Dee nodded, looking distracted. "Come on," she said and turned toward the dining room, her gray wool suit perfectly fitted to her tiny waist. Mare stuck her tongue out at Dee's auburn chignon and followed her into the dining room where ethereal Lizzie sat hunched over her book in her purple silk kimono, her blond curls tangled and blue eyes wide, dripping muffin butter onto her notebook as she ate.

Dee put the jewelry box on the table and said, "Mind the butter, Lizzie," and Lizzie turned another page, oblivious to Dee, the butter, and the wind whistling outside the open garden windows.

Mare plopped herself down at the table and looked at the muffins. "They're all apple bran, Lizzie. That's boring. I like blueberry and lemon poppy seed and —"

Lizzie moved her hand over the muffin basket, still not looking up from her book, and tendrils of violet smoke trailed from her fingertips and across the apple bran.

"Thank you." Mare craned her neck to look into the basket and then went for a newly transformed blueberry, but Dee moved the basket out of her reach.

"First we vote." Dee straightened the jewelry box.

Lizzie looked up from her book. "Now?"

Crap, Mare thought, and looked longingly at the muffins. Lizzie had baked them so they were bound to be munchable.

"Yes, now." Dee sat down at the head of the table. "If Mare's going to college, she has to register now. Which means we have to decide if we move so she can go to a school we can afford. And which piece of Mother's jewelry we sell to finance it. And I have to be at the bank in an hour, so we have to do it now."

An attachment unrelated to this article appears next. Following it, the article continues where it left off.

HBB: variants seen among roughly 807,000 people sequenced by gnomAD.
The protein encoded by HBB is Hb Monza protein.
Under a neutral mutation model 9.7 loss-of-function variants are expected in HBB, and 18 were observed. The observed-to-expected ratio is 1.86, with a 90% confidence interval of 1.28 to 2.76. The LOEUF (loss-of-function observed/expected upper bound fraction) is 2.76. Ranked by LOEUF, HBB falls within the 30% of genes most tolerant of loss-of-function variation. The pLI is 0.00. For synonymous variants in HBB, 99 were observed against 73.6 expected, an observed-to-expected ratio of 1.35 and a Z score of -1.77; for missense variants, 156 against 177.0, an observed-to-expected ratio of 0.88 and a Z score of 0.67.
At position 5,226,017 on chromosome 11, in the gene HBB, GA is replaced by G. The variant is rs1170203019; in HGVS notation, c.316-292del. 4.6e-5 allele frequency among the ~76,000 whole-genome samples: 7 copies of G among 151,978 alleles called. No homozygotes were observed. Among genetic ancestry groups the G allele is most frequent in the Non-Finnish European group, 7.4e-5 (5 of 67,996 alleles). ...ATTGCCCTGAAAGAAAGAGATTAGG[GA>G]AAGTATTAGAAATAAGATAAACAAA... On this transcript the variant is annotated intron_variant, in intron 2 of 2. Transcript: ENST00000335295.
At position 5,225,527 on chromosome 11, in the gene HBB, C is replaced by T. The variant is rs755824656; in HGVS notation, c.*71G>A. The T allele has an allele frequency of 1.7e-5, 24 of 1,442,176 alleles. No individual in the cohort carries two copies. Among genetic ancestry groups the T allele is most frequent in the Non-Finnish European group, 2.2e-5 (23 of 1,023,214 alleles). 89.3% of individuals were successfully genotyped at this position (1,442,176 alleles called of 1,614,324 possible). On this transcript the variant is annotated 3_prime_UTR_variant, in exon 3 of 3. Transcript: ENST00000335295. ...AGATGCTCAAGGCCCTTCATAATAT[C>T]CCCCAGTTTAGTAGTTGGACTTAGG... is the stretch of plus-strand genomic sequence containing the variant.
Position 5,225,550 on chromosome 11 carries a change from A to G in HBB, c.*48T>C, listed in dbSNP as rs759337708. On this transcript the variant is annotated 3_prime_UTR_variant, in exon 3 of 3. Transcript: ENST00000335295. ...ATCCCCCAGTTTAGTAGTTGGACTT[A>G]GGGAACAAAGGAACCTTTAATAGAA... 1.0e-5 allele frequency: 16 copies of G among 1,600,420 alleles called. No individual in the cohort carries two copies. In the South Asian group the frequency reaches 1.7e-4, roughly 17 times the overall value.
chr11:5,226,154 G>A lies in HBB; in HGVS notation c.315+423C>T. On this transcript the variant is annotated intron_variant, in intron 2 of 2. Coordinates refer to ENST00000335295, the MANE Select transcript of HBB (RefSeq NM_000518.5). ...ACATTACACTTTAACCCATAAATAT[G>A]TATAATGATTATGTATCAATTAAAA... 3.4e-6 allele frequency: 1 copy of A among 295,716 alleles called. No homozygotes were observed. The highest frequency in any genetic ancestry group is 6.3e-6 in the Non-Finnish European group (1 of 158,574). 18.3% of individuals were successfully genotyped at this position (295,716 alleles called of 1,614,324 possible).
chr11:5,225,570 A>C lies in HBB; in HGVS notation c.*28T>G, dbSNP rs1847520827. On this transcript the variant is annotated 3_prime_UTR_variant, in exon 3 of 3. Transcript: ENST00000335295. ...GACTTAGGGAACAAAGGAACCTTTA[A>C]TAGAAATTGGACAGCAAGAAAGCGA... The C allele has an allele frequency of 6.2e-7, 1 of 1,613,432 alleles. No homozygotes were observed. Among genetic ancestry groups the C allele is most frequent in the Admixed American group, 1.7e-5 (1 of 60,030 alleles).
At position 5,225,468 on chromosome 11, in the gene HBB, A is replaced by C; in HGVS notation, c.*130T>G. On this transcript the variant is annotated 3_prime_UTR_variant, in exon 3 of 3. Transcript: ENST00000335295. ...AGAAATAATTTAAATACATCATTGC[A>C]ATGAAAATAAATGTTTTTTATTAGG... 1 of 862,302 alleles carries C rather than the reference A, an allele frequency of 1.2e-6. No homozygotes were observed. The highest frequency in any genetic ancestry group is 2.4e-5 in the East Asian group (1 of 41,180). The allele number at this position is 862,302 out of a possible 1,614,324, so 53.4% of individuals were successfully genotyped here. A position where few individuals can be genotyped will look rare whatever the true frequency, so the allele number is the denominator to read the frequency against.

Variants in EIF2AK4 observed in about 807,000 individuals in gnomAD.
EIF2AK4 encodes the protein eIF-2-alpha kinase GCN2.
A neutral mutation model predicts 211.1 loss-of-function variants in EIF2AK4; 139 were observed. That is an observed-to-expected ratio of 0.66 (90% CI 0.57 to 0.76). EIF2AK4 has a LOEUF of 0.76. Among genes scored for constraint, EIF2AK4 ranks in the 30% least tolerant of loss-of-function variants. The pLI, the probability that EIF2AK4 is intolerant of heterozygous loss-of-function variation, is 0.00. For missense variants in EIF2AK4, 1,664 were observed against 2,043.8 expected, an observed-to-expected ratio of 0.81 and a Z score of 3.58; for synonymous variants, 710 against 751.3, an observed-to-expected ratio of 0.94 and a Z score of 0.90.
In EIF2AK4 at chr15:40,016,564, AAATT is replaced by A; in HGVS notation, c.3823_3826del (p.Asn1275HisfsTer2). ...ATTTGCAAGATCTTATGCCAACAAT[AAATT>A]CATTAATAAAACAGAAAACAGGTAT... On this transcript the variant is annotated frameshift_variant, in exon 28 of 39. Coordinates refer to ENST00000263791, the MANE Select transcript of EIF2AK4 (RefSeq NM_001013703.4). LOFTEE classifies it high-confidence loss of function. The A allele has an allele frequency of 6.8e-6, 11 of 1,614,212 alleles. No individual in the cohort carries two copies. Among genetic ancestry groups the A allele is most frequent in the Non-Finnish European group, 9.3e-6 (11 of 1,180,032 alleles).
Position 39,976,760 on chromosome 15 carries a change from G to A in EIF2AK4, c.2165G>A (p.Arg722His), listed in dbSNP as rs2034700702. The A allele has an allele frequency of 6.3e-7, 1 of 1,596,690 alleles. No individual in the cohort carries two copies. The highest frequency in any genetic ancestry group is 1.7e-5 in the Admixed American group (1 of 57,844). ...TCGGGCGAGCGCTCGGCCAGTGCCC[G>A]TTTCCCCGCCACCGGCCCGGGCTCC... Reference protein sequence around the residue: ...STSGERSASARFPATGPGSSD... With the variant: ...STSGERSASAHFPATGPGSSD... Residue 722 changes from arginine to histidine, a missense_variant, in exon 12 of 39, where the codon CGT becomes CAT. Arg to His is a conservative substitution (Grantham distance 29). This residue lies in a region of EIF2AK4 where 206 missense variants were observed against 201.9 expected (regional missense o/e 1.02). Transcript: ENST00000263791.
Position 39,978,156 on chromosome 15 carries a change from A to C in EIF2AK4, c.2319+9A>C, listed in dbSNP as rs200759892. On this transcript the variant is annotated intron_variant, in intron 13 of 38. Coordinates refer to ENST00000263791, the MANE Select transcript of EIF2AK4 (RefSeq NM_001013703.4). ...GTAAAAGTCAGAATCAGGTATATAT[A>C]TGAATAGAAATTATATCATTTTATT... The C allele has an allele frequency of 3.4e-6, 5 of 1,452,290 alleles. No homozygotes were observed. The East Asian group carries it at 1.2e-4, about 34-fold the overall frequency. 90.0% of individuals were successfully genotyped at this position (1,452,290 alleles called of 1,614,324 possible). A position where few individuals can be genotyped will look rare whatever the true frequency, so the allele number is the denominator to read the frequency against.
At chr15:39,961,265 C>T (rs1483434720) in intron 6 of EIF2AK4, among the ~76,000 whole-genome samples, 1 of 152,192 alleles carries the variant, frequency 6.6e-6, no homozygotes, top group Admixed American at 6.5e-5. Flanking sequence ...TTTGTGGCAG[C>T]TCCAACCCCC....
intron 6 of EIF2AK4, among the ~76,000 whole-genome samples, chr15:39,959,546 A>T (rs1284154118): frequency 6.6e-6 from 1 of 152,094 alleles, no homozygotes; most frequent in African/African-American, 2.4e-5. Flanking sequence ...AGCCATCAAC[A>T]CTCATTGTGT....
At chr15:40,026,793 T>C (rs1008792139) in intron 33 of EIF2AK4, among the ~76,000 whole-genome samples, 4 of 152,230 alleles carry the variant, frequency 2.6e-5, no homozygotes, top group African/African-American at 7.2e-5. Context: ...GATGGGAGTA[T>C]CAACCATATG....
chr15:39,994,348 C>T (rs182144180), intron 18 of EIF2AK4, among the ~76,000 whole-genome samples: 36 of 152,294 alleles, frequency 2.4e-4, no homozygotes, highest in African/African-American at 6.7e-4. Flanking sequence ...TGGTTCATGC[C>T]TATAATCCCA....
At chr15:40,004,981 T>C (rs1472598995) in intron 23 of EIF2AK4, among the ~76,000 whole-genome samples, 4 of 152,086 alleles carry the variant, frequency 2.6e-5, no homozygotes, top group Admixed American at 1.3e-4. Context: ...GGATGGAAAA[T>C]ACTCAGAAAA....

"Not now." Mare stared at the blueberry muffin just out of her reach — come here, damn it — so that a couple of dust motes lazing in the air sparked blue. "Not now, not ever." She lifted her chin, feeling the weight of the muffin in her mind, and it rose slowly until it hovered at eye level.

"Mare," Dee said. "Not in front of the window."

Mare grinned and crooked her finger, and the muffin floated toward her, sparking blue once or twice, like a misfiring muffler.

"Oh, dear." Lizzie waved her hands a little, as if to warn Mare off, tendrils of violet smoking from her fingertips, and her butter knife turned into a rabbit.

Py sat up and took an interest.

"Easy there, Lizzie," Mare said, staring cross-eyed at her muffin, now floating in front of her nose. "You know Py and bunnies."

Dee flushed. "Put down the muffin, please, Mare. You know how important this vote is."

"It's important to you," Mare said, concentrating on keeping her muffin afloat. "It's not important to me. As mistress of all I survey, I feel that college is, how can I put this? Unnecessary." She scowled at Dee — why were they having this conversation again? She was twenty-three, if she didn't want to go to college, she wasn't going to go — and her annoyance broke her concentration and the muffin dropped and broke, and Mare said, "Damn." She focused on another one, lemon poppyseed this time, making it rise from the muffin basket while Lizzie's butter-knife rabbit began to forage for crumbs on her notebook page.

At the end of the table, Py began to forage for the rabbit.

"You are not mistress of all you survey," Dee said, exasperated, "you're —"

"Queen of the Universe," Mare said.

"— assistant manager of a Value Video!!"

Mare pulled the muffin toward her with her eyes. "That's temporary. It's only a matter of time until I'm queen of the company."

"I don't think Value Video!! has queens," Dee said.

"I know, they have presidents. But when I get to the top, that's gonna change."

"Well, to become queen of Value Video!! you have to go to college." Dee opened the jewelry box. "It was always Mother's dream that we'd all go, and it's your turn. It's past time for your turn. So we vote."

"I don't want to," Mare said. "Lizzie doesn't want to vote, either, do you, Lizzie?"

Lizzie looked up. "What?"

"It's time to vote," Dee said gently.

"All right," Lizzie said, her focus drifting again.

"Lizzie!" Mare shrieked, betrayed.